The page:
Wayland Free Public Library

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Anchor Poems

selected for

WAYLAND READS POETRY

anchor poem bookA selection of poems for discussion--

Find links to the individual poems below
OR download a pdf file of all the poems by clicking the image to the right:


Links to poems for adults:

BOOKS (text)
by Billy Collins

SAMURAI SONG (listen) (text)
by Robert Pinsky

TELL ALL THE TRUTH BUT TELL IT SLANT (listen) (text)
by Emily Dickinson

OUT AT LANESVILLE (listen) (text)
by David Ferry

FOR THE UNION DEAD (listen) (text)
by Robert Lowell

BASEBALL (listen) (text)
by Gail Mazur

FALL RIVER (text)
by David Rivard

ON BEING ASKED 'WHAT IS POETRY?' (text)
by Jill McDonough

NEW ENGLAND ODE (text)
by Kevin Young

AFTERNOON HAPPINESS (text)
by Carolyn Kizer

TO THE TRAILING ARBUTUS (text)
by Lydia Maria Child
(Wayland resident)
(Chosen in honor of Wayland's 375th anniversary)


 

Links to poems for kids:

WHEN I GROW UP (text)
by Janet Wong

BEE! I'M EXPECTING YOU! (text)
by Emily Dickinson

WHAT'S A POEM? (text)
by Charles Ghigna

KNOXVILLE TENNESSEE (text)
by Nikki Giovanni

THE DUCK (text)
by Ogden Nash


 

TEXT OF SELECTED POEMS

BOOKS
by Billy Collins

From the heart of this dark, evacuated campus
I can hear the library humming in the night,
a choir of authors murmuring inside their books
along the unlit, alphabetical shelves,
Giovanni Pontano next to Pope, Dumas next to his son,
each one stitched into his own private coat,
together forming a low, gigantic chord of language.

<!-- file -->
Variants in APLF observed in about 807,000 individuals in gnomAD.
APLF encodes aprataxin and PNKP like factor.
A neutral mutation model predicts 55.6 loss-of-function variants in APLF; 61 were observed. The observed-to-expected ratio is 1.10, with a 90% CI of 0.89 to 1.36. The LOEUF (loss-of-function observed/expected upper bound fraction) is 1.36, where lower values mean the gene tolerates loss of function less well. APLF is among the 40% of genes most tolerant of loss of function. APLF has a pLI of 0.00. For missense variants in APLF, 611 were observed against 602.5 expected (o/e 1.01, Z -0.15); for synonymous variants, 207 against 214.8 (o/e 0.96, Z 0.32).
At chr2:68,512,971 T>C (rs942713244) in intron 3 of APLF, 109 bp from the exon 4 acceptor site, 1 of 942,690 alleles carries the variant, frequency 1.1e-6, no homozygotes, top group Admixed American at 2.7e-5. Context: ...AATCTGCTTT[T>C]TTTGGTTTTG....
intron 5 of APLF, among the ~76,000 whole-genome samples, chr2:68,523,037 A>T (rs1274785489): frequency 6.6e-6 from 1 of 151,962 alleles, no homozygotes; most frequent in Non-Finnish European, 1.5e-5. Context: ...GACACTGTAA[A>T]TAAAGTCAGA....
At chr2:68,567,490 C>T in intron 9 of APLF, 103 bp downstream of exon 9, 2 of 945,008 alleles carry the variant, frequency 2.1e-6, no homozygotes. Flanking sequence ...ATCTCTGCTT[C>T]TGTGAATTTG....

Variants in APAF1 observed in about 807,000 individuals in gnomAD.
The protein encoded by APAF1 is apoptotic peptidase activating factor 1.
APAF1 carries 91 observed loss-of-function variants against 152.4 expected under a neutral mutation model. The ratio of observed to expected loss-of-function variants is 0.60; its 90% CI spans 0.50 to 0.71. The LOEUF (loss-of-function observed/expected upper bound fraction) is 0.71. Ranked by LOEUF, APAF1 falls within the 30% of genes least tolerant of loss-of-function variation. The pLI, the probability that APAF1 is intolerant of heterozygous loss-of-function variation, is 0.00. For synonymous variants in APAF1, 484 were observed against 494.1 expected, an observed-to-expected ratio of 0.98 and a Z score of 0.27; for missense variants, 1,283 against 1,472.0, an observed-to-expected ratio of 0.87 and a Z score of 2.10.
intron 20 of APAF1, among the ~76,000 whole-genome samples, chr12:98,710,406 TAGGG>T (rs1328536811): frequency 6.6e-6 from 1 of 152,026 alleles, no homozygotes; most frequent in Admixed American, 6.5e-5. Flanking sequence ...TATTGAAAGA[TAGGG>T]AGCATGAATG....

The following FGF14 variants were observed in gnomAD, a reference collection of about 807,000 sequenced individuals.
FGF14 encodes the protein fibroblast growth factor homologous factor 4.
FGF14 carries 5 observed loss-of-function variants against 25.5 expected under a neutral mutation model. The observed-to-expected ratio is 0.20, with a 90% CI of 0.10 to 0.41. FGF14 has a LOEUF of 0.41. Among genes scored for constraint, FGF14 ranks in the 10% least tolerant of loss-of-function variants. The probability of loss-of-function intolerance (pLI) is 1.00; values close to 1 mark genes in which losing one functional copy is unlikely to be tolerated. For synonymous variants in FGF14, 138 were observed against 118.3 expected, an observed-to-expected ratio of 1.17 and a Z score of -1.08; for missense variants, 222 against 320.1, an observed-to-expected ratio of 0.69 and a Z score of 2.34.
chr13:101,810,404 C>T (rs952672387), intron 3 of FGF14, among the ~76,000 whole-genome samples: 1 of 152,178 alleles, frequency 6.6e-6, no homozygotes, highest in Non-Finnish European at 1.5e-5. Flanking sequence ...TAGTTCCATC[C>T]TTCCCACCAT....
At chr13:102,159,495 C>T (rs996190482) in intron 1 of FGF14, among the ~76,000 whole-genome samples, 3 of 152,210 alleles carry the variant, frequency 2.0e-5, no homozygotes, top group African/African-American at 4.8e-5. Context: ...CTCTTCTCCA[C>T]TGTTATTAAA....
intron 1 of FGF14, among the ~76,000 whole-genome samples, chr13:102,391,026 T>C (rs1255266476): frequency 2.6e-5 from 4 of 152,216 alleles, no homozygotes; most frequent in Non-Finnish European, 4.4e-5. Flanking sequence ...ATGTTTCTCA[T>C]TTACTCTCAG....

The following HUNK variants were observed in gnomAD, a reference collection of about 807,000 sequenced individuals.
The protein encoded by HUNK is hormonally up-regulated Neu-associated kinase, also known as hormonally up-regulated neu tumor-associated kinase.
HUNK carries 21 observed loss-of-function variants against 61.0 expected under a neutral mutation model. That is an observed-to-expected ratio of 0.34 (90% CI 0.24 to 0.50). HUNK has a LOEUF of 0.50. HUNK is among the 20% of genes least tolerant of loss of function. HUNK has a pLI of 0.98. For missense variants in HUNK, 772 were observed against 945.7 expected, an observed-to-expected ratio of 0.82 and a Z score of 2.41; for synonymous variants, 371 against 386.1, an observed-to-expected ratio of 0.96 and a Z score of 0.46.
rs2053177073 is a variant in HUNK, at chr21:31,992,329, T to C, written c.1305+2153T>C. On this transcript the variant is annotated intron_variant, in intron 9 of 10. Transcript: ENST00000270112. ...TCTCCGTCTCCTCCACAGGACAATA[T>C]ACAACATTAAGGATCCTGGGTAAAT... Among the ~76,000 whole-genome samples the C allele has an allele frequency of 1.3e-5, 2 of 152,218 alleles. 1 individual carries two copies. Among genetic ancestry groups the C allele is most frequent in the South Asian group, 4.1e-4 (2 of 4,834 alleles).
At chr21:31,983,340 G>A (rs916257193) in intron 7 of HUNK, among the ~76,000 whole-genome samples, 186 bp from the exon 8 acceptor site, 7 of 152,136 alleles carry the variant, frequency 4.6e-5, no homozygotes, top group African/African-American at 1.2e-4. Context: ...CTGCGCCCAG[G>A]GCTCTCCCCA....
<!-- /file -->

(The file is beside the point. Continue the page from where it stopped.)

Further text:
I picture a figure in the act of reading,
shoes on a desk, head tilted into the wind of a book,
a man in two worlds, holding the rope of his tie
as the suicide of lovers saturates a page,
or lighting a cigarette in the middle of a theorem.
He moves from paragraph to paragraph
as if touring a house of endless, paneled rooms.

I hear the voice of my mother reading to me
from a chair facing the bed, books about horses and dogs,
and inside her voice lie other distant sounds,
the horrors of a stable ablaze in the night,
a bark that is moving toward the brink of speech.

I watch myself building bookshelves in college,
walls within walls, as rain soaks New England,
or standing in a bookstore in a trench coat.

I see all of us reading ourselves away from ourselves,
straining in circles of light to find more light
until the line of words becomes a trail of crumbs
that we follow across a page of fresh snow;

when evening is shadowing the forest
and small birds flutter down to consume the crumbs,
we have to listen hard to hear the voices
of the boy and his sister receding into the woods.

Credit: Billy Collins, "Books" from The Apple That Astonished Paris. Copyright 1999 by The University of Arkansas Press. Used with the permission of the publisher, www.uapress.com.

 

TO THE TRAILING ARBUTUS
by (Wayland's own) Lydia Maria Child
 
 (chosen in honor of Wayland's 375th anniverary)

THOU delicate and fragrant thing!
Sweet prophet of the coming Spring!
To what can poetry compare
Thy hidden beauty, fresh and fair?

Only they who search can find
Thy trailing garlands close enshrined;
Unveiling, like a lovely face,
Surprising them with artless grace.

Thou seemest like some sleeping babe,
Upon a leafy pillow laid;
Dreaming, in thy unconscious rest,
Of nest'ling on a mother's breast.

Or like a maiden in life's May,
Fresh dawning of her girlish day;
When the pure tint her cheeks disclose
Seems a reflection of the rose.

More coy than hidden love thou art,
With blushing hopes about its heart;
And thy faint breath of fragrance seems
Like kisses stolen in our dreams . 

Thou'rt like a gentle poet's thought,
By Nature's simplest lessons taught,
Reclining on old moss-grown trees,
Communing with the whisp'ring breeze.

Like timid natures, that conceal
What others carelessly reveal;
Reserving for a chosen few
Their wealth of feeIing, pure and true.

Like loving hearts, that ne'er grow old,
Through autumn's change, or winter's cold;
Preserving some sweet flowers, that lie
'Neath withered leaves of years gone by.

At sight of thee a troop upsprings 
Of simple, pure, and lovely things;
But half thou sayest to my heart,
I find no language to impart.